Covid-19 Travel Advice for Customers. Click here
Aruba Facts and Information
Flight and Transfers
Flying to Aruba may require stopping off, either somewhere in Europe, or transferring somewhere in the Caribbean. If you pre-book your transfers with us, you’ll be met at the airport by a Tropical Sky representative who will guide you to your transfer vehicle.
Irish Citizens travelling to Aruba require a full Irish Passport which must be valid for 6 months after departure from this country. All children and infants must also have their own passports for entry into Aruba.
It’s a bit complicated, but what you mainly need to know is that Aruba is a very popular holiday destinations for Americans, meaning that everyone involved in the tourism industry (and indeed, most people generally) will be able to speak at least passable English. However, Aruba has two official languages: Dutch and Papiamento, meaning all government documents will be in both of these languages. Papiamento is a creole language derived primarily from Portuguese, Spanish, Dutch, English and a variety of African dialects. This broad range of sources means that it sounds simultaneously familiar and unintelligible to speakers of any of its derivative languages.
If you’re just staying at your hotel with a couple of trips into the town centre or the tourist sights then you’ll be fine without a car – taxis, buses and pre-arranged hotel tours are fine for this purpose. However, if you plan to explore the island you’ll need a car.
Self-Drive: Driving in Aruba never feels remotely as precarious as some parts of the Caribbean. Nevertheless, the driving style here is casual, so expect the frequent non-appearance of indicators when the car ahead turns. Prices are fairly reasonable.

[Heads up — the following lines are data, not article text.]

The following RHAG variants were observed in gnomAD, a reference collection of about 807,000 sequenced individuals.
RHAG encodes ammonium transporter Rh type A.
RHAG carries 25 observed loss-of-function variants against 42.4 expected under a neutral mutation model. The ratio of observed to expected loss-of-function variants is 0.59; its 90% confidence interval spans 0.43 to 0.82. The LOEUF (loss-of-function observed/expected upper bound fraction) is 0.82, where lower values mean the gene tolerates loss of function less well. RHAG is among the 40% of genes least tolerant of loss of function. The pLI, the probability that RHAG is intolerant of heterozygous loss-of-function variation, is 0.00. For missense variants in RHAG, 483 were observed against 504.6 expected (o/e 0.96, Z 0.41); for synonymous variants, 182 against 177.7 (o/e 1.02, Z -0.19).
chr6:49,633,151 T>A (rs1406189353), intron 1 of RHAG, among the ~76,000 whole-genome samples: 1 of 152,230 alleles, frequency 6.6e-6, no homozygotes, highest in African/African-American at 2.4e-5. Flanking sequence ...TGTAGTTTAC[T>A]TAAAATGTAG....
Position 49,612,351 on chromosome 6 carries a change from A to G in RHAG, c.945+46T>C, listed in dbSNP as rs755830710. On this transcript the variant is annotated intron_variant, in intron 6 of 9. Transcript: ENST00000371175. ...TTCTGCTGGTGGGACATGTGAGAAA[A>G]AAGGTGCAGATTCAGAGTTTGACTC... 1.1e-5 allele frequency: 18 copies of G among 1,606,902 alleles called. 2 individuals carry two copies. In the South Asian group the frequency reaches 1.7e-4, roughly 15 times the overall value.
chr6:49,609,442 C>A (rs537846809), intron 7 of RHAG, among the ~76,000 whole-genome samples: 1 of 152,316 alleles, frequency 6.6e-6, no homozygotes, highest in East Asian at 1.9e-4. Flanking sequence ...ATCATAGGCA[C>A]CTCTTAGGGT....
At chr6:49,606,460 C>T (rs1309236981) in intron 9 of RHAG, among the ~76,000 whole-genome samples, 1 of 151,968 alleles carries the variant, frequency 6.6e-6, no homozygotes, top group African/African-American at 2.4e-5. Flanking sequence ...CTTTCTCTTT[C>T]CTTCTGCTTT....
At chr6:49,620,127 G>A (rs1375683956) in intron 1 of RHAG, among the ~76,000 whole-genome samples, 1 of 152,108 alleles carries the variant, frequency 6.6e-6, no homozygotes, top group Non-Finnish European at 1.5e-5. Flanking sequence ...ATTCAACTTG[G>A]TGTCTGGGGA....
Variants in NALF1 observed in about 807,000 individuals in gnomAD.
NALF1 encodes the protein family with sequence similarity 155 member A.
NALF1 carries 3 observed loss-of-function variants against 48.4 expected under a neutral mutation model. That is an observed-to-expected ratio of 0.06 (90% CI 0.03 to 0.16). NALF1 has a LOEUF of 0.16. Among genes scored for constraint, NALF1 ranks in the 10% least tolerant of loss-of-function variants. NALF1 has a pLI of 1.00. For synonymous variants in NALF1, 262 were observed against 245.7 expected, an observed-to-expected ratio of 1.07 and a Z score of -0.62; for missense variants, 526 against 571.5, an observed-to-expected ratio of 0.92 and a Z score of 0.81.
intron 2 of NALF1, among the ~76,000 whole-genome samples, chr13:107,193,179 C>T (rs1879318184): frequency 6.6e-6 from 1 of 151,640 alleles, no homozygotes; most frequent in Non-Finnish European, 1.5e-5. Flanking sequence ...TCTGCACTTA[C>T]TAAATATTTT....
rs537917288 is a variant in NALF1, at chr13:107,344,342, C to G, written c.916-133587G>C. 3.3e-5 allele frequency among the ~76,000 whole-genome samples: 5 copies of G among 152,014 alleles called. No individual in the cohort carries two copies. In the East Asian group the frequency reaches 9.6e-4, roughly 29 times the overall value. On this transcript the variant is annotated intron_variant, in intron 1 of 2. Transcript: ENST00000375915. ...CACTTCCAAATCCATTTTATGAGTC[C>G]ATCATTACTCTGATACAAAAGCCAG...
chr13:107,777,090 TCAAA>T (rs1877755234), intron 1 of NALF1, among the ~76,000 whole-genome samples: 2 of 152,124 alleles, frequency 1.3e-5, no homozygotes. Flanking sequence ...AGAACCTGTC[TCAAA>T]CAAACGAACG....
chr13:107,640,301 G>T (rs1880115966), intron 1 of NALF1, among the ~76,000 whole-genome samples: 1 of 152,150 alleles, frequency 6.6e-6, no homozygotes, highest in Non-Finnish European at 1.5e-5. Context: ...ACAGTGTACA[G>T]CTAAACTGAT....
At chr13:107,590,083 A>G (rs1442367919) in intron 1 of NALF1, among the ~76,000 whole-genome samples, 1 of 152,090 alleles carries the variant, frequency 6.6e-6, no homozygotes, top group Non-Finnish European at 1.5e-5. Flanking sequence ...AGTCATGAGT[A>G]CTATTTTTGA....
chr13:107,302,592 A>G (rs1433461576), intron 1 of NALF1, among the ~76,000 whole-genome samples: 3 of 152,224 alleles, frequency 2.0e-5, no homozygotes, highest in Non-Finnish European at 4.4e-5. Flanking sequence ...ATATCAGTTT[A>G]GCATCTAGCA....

Bus: The impressively named ‘Arubus’ buses serve Oranjestad and the main hotel areas making them a good choice if you just want to get around here. Buses don’t travel to the more rural areas, so you’ll have to look into other transport if this is your goal.
Taxi: The fares are fixed for specific distances, so there won’t be any haggling process involved in getting a taxi here.
The official currency is the Aruban Florin. But just to keep you on your toes, the word ‘florin’ is interchangeable with ‘guilder’, which was the previous currency. US Dollars are widely accepted, as are credit cards.
Health and Vaccinations
There are no specific vaccinations needed before you visit Aruba, although it’s worth re-checking before you visit to ensure the situation hasn’t changed. The water in Aruba is completely safe to drink and is of excellent quality. For more information please visit the NaTHNaC and MASTA travel health websites.
GMT -5 during summer (-4 in winter)